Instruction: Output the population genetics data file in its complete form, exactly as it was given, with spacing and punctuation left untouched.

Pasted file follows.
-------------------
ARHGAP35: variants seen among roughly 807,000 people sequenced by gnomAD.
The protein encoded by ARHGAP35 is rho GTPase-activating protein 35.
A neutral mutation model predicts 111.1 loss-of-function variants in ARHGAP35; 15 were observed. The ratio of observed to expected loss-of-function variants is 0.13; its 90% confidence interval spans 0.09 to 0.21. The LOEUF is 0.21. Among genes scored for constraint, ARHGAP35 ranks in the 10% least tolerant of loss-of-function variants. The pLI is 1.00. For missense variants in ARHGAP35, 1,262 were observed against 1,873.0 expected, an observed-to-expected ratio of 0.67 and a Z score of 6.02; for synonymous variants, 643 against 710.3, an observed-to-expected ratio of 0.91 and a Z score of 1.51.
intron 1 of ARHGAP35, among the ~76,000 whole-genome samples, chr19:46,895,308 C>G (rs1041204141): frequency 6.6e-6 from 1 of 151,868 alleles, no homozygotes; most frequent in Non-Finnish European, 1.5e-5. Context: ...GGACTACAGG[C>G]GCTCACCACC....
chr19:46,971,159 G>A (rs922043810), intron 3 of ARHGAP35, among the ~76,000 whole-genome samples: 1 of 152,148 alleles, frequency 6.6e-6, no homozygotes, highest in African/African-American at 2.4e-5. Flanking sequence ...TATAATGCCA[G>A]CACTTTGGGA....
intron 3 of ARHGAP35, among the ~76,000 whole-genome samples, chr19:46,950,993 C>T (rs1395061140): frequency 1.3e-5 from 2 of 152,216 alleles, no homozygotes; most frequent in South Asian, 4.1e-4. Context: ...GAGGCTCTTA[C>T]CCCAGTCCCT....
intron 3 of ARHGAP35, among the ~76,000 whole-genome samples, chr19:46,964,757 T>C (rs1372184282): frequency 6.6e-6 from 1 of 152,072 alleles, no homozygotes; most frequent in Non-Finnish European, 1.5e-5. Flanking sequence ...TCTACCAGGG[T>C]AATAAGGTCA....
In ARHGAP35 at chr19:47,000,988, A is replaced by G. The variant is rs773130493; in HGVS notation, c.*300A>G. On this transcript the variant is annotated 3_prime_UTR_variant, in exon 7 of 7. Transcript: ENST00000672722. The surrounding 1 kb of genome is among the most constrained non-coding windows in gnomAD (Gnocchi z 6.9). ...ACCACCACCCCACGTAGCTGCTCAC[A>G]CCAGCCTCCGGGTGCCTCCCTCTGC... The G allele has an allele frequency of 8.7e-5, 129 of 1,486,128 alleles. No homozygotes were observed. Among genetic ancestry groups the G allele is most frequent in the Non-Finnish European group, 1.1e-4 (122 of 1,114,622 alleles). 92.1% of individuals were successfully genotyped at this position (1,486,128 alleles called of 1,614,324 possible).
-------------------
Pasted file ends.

ARHGAP35: variants seen among roughly 807,000 people sequenced by gnomAD.
The protein encoded by ARHGAP35 is rho GTPase-activating protein 35.
A neutral mutation model predicts 111.1 loss-of-function variants in ARHGAP35; 15 were observed. The ratio of observed to expected loss-of-function variants is 0.13; its 90% confidence interval spans 0.09 to 0.21. The LOEUF is 0.21. Among genes scored for constraint, ARHGAP35 ranks in the 10% least tolerant of loss-of-function variants. The pLI is 1.00. For missense variants in ARHGAP35, 1,262 were observed against 1,873.0 expected, an observed-to-expected ratio of 0.67 and a Z score of 6.02; for synonymous variants, 643 against 710.3, an observed-to-expected ratio of 0.91 and a Z score of 1.51.
intron 1 of ARHGAP35, among the ~76,000 whole-genome samples, chr19:46,895,308 C>G (rs1041204141): frequency 6.6e-6 from 1 of 151,868 alleles, no homozygotes; most frequent in Non-Finnish European, 1.5e-5. Context: ...GGACTACAGG[C>G]GCTCACCACC....
chr19:46,971,159 G>A (rs922043810), intron 3 of ARHGAP35, among the ~76,000 whole-genome samples: 1 of 152,148 alleles, frequency 6.6e-6, no homozygotes, highest in African/African-American at 2.4e-5. Flanking sequence ...TATAATGCCA[G>A]CACTTTGGGA....
intron 3 of ARHGAP35, among the ~76,000 whole-genome samples, chr19:46,950,993 C>T (rs1395061140): frequency 1.3e-5 from 2 of 152,216 alleles, no homozygotes; most frequent in South Asian, 4.1e-4. Context: ...GAGGCTCTTA[C>T]CCCAGTCCCT....
intron 3 of ARHGAP35, among the ~76,000 whole-genome samples, chr19:46,964,757 T>C (rs1372184282): frequency 6.6e-6 from 1 of 152,072 alleles, no homozygotes; most frequent in Non-Finnish European, 1.5e-5. Flanking sequence ...TCTACCAGGG[T>C]AATAAGGTCA....
In ARHGAP35 at chr19:47,000,988, A is replaced by G. The variant is rs773130493; in HGVS notation, c.*300A>G. On this transcript the variant is annotated 3_prime_UTR_variant, in exon 7 of 7. Transcript: ENST00000672722. The surrounding 1 kb of genome is among the most constrained non-coding windows in gnomAD (Gnocchi z 6.9). ...ACCACCACCCCACGTAGCTGCTCAC[A>G]CCAGCCTCCGGGTGCCTCCCTCTGC... The G allele has an allele frequency of 8.7e-5, 129 of 1,486,128 alleles. No homozygotes were observed. Among genetic ancestry groups the G allele is most frequent in the Non-Finnish European group, 1.1e-4 (122 of 1,114,622 alleles). 92.1% of individuals were successfully genotyped at this position (1,486,128 alleles called of 1,614,324 possible).